Holy Men and Hunger Artists: Fasting and Asceticism in Rabbinic Culture

Holy Men and Hunger Artists: Fasting and Asceticism in Rabbinic Culture

by Eliezer Diamond
     
 

The existence of ascetic elements within rabbinic Judaism has generally been either overlooked or actually denied. This is in part because asceticism is commonly identified with celibacy, whereas the rabbis emphasized sexuality as a positive good. In addition, argues Eliezer Diamond, it serves the theological agendas of both Jewish and Christian scholars to

See more details below

Overview

The existence of ascetic elements within rabbinic Judaism has generally been either overlooked or actually denied. This is in part because asceticism is commonly identified with celibacy, whereas the rabbis emphasized sexuality as a positive good. In addition, argues Eliezer Diamond, it serves the theological agendas of both Jewish and Christian scholars to characterize Judaism as non- or anti-ascetic.
In fact, however, Diamond shows that rabbinic asceticism does indeed exist. This asceticism is mainly secondary, rather than primary, in that the rabbis place no value on self-denial in and of itself, but rather require of themselves the virtual abandonment of familial, social, and economic life in favor of an absolute commitment to the study of the Torah. It is an asceticism of neglect, rather than negation. He also notes that this asceticism of neglect dovetails with the rabbinic theology of sin and punishment, which encourages delaying gratification in this world in the hopes of a greater reward in the next. The rabbis believed, moreover, that every pleasure taken in this world detracts from what awaits one in the future.
The rabbis valued and occasionally engaged in primary asceticism as well. In fact, as Diamond shows, the vocabulary of holiness was often used by the rabbis in connection with voluntary self-denial. One form of primary asceticism—fasting—became increasingly popular in the wake of the destruction of the second temple. He traces this development to the need to mourn the temple's devastation but also to the cessation of three forms of temple-related rituals: the sacrificial cult, the Ma'amadot (groups that would fast, pray, and read from the Torah while daily sacrifices were offered), and naziritism. Fasting is linked by the rabbis to each of these practices and Diamond shows that fasting was seen as a substitute for them after the temple was destroyed. In a final chapter, Diamond shows that there is a greater tendency toward asceticism among the Palestinian rabbis than among the Babylonian. He contends that the divergent political histories of these communities as well as differing external cultural influences account for this disparity.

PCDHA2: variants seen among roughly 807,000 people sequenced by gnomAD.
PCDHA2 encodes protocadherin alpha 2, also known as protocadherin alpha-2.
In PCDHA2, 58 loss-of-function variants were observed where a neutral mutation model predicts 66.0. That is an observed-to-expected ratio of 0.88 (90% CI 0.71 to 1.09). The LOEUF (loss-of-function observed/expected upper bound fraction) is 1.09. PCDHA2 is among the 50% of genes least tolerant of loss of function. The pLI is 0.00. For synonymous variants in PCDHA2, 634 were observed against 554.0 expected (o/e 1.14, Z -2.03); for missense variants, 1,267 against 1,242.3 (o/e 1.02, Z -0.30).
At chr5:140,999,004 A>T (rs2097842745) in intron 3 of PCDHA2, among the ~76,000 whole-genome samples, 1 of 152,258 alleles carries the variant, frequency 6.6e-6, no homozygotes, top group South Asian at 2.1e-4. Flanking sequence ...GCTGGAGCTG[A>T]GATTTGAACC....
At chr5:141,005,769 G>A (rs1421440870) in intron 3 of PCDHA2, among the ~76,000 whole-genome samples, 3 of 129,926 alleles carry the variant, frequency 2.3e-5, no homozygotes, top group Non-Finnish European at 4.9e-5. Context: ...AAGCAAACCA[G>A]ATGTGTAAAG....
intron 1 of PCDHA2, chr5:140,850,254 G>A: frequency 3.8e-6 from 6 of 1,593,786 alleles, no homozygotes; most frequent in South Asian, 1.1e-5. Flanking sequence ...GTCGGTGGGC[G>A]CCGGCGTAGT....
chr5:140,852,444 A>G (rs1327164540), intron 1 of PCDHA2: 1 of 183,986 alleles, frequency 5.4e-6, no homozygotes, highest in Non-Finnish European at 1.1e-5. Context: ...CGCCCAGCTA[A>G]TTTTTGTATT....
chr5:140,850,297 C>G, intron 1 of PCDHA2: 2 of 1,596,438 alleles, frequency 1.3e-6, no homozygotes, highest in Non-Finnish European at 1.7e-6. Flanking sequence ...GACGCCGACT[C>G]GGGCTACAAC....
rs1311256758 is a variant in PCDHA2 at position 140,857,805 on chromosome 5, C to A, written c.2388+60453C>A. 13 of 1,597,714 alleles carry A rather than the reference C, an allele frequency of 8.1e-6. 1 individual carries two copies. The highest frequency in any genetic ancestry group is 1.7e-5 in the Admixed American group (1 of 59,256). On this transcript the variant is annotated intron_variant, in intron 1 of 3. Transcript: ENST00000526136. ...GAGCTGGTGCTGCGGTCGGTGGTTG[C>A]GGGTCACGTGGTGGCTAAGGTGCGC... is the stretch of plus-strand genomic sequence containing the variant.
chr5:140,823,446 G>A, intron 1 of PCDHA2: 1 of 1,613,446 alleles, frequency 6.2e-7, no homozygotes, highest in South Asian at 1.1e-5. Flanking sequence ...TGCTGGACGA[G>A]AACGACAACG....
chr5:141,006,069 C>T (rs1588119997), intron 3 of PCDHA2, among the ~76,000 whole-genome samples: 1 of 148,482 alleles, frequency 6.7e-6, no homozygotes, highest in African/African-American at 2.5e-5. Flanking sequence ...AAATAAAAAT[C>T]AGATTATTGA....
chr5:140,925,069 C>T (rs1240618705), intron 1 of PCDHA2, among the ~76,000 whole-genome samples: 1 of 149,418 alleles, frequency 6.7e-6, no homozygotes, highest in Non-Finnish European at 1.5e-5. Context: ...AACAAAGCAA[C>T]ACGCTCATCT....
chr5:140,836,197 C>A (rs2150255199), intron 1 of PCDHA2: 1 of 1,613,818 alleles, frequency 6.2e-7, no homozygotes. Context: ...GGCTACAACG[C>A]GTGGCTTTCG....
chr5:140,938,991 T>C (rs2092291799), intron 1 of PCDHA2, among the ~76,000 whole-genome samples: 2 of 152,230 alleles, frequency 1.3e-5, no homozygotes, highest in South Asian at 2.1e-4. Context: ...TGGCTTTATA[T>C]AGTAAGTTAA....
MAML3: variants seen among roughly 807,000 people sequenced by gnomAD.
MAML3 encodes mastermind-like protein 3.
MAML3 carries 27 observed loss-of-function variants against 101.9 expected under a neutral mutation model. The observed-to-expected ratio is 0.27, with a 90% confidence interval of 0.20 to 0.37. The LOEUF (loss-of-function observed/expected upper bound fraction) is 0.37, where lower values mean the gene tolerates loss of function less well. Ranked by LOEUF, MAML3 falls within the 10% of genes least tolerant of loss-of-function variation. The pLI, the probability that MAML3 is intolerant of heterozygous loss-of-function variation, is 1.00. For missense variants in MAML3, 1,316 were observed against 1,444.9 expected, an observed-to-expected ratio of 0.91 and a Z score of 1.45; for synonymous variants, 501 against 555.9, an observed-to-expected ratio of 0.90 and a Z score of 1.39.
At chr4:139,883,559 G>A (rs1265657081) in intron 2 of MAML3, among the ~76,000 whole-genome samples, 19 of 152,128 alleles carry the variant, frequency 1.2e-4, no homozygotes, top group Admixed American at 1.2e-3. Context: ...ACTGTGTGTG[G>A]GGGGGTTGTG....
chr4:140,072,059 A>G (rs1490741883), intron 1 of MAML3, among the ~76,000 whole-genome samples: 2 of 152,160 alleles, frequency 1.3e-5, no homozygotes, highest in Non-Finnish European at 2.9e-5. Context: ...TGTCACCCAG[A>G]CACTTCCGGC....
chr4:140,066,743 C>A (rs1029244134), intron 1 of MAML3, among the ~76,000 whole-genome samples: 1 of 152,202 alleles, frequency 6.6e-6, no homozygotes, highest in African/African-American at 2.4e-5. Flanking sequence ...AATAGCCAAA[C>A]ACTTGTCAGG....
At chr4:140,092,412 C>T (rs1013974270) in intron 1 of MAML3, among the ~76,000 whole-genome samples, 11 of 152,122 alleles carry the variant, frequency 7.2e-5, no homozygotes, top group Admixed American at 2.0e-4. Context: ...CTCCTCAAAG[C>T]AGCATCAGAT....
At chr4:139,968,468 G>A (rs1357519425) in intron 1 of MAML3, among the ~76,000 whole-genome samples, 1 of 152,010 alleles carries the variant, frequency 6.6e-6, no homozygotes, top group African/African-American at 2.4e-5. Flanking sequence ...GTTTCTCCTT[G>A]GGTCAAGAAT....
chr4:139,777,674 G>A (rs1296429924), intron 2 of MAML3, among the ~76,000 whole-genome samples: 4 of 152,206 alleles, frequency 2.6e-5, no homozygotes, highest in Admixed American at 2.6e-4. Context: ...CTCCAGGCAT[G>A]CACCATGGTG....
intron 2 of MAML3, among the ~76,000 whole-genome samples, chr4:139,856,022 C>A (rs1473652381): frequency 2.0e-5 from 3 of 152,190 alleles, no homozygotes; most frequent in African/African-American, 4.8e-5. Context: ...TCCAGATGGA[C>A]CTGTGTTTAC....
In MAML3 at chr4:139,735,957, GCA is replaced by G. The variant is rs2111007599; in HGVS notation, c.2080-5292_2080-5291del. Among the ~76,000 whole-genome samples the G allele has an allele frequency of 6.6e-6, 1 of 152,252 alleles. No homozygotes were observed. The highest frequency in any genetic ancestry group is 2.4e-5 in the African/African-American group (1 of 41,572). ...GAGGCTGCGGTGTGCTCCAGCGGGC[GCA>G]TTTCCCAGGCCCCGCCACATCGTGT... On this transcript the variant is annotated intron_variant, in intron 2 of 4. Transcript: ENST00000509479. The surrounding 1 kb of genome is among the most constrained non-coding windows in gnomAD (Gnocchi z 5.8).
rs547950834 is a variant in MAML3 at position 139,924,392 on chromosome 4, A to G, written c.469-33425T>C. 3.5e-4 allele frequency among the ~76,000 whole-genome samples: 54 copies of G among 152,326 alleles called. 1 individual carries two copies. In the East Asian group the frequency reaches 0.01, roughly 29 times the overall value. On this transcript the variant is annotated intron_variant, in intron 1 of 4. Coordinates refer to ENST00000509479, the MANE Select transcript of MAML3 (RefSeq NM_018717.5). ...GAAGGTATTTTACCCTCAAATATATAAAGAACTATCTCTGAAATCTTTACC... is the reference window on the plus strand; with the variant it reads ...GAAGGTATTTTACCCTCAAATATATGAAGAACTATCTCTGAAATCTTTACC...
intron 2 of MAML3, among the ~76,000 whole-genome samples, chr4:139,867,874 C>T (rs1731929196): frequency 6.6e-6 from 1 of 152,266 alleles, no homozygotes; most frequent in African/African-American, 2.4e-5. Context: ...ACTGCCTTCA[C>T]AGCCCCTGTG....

Read More

Product Details

ISBN-13:
9780195137507
Publisher:
Oxford University Press, USA
Publication date:
11/28/2003
Pages:
240
Product dimensions:
9.30(w) x 6.30(h) x 1.10(d)
Lexile:
1500L (what's this?)

Table of Contents

Introduction3
1"What Will Become of Torah?": The Ascetic Discipline of Torah Study21
2"The Principal Remains for the Next World": Delayed Gratification and Avoidance of Pleasure in Rabbinic Thought59
3Qedusa and Prisut: The Language of Rabbinic Asceticism75
4The Asceticism of Fasting93
5Saint or Sinner? Rabbinic Attitudes toward Fasting and Asceticism in Palestine and Babylonia in Late Antiquity121
Conclusion - Rabbinic Asceticism: Alternative, Not Aberration133
Abbreviations137
Editions of Rabbinic Works Cited141
Notes143
Bibliography209
Index of Primary Sources223
General Index225

Read More

Customer Reviews

Average Review:

Write a Review

and post it to your social network

     

Most Helpful Customer Reviews

See all customer reviews >